Adoption Gave Me My Mother

Mother (n): a female parent, who brings up a child with care and affection. What a mother is not is someone who has to give birth to the child. Nor does it guarantee rights to the person, who does give birth to a child. It’s not a biological term but instead is a social, emotional, and psychological term. 

As an adopted child, it’s a struggle to make people see it that way. The term “mother” is thrown around with little understanding of what it means to an adopted child. To us, who were adopted, a mother is an angel. To the endless questions of: “have you ever looked for your ‘birth mother’?’” No, I haven’t. I have a mother, so why do I need to go on a hunt to find someone who is a perfect stranger? 

As an adopted child, my mother is my mother in every sense. So I wasn’t formed in her womb, who cares? So she didn’t give birth to me after a long and agonizing labor, does that matter? What she did do was bathe me, feed me, and protect me. She covered my scrapes with Band-Aids, she helped me with my homework, and she took me traveling. She taught me to be independent, taught me to be kind to others, and taught me to be brave. She loves me. Isn’t that what a mother does? 

Being adopted has made me part of a whole. It gave me a chance. It gave me an amazing life. It gave me my mom.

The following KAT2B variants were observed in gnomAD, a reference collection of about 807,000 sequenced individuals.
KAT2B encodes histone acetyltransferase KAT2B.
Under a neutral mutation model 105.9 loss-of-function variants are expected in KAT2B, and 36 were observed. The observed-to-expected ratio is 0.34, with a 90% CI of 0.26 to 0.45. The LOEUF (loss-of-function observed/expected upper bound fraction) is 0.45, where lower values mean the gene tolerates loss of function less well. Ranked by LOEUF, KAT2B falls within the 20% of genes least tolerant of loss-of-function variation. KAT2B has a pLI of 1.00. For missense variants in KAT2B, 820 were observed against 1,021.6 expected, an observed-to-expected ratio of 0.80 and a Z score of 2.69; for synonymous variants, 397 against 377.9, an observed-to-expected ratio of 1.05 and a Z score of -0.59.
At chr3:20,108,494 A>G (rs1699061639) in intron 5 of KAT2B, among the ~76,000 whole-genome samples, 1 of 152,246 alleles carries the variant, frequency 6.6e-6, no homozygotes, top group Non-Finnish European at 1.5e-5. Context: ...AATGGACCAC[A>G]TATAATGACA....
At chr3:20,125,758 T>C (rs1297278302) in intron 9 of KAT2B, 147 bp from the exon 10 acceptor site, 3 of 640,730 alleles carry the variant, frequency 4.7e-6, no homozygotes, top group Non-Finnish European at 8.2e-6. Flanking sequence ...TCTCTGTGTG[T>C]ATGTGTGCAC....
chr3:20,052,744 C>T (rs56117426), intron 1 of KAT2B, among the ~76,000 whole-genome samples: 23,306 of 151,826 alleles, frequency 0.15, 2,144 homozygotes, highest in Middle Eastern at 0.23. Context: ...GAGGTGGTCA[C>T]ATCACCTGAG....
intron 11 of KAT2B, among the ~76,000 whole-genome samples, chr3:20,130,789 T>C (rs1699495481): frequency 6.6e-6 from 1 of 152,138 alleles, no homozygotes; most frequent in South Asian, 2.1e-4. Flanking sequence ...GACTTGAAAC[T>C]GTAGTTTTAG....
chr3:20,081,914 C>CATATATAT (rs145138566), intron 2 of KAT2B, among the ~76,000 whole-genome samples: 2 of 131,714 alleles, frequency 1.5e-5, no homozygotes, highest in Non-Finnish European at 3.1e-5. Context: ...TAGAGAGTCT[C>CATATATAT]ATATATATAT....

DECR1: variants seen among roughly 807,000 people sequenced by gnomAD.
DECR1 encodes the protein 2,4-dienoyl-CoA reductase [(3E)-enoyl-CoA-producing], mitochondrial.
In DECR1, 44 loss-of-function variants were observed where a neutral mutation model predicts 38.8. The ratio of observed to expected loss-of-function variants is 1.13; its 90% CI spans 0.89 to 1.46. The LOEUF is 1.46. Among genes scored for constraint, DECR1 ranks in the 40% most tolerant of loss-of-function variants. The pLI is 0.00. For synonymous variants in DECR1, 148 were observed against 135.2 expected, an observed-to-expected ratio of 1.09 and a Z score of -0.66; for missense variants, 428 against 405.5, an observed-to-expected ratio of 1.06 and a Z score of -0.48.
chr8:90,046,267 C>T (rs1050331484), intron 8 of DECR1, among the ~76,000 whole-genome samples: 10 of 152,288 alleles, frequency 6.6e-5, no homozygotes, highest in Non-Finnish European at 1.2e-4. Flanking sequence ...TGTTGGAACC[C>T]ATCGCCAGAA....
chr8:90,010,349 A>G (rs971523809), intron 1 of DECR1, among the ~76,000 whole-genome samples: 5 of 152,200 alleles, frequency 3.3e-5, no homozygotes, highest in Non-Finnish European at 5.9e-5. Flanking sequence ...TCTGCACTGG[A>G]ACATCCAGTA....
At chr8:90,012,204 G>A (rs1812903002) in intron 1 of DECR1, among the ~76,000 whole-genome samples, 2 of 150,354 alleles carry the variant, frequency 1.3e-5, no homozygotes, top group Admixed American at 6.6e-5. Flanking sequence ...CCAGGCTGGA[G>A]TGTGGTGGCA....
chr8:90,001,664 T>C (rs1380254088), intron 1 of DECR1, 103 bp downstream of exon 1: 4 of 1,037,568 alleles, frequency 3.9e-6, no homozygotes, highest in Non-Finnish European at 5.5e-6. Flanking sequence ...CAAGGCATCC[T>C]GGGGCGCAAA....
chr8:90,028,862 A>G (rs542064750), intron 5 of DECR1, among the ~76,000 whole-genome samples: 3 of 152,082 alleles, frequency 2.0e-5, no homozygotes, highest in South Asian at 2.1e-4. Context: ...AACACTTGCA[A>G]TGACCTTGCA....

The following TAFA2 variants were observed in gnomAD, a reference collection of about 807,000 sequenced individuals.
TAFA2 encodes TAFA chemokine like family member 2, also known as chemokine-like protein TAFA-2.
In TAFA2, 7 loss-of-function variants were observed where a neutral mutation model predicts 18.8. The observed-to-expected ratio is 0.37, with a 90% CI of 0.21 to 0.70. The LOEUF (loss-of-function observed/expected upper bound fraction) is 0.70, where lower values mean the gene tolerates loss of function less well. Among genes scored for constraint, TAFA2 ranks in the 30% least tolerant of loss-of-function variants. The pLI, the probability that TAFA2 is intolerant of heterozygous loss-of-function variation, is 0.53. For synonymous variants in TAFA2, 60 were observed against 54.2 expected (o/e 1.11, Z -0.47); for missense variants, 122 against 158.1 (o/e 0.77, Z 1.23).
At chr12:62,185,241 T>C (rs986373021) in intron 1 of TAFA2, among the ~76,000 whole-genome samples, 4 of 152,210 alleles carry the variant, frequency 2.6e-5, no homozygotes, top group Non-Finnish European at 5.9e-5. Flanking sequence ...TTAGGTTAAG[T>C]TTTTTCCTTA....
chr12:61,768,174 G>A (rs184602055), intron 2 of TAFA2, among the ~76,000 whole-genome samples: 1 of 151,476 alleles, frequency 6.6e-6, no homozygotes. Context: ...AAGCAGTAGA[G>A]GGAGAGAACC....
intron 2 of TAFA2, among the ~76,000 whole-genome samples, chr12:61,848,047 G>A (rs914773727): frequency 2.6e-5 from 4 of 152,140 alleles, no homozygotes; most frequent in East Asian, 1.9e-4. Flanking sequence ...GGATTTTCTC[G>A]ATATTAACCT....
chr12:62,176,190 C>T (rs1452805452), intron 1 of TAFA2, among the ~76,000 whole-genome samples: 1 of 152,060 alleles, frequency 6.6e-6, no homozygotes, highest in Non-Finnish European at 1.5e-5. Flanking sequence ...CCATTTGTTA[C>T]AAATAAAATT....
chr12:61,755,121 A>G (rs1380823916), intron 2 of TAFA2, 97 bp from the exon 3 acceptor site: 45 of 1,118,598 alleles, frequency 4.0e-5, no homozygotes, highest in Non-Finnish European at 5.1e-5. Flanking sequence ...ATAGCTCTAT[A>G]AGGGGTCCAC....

To all those, who are considering adopting or who have an adopted child, here are a few tips and reminders: 

1. Don’t differentiate yourself with the title “adoptive mother”. Just be their mother and don’t make yourself a competitor with the lady who gave birth to your child. My mom has always just been my mom. Period. End of story. 

2. Don’t wait to tell them. Honesty is the only winner in the end. I was told when I was four years old and took it like a champ: as in it didn’t matter to young me because why would it? Growing up, at doctor’s appointments I heard, “We’re not 100% sure about the medical history, she’s adopted.” It was just a thing I heard, and a thing that slowly started to make sense to me. But it wasn’t a thing that hurt me. 

3. Don’t worry about not giving birth to the child. Like I’ve said over and over, it technically means nothing. Take advantage of the fact that you didn’t have to suffer physically to have this beautiful child. All the benefits of loving a child with no weight gain or pain! 

4. Don’t make a huge deal out of having an “adopted child”. If you make a huge deal out of it, it will be a huge deal. Make that child part of your family’s whole, and there won’t be any thoughts of insecurity, of being unloved, of being abandoned, etc. I have my father’s last name, I have two brothers with the same last name, I have a family who makes me laugh, and I have a family who supports me in every way, so why should I be different? 

5. Don’t be afraid to talk. Sure your child may have questions or may want to know why, but just answer them to your best ability, be honest and be open. 

Everything I am, my mother helped me to be. I love you, Mom.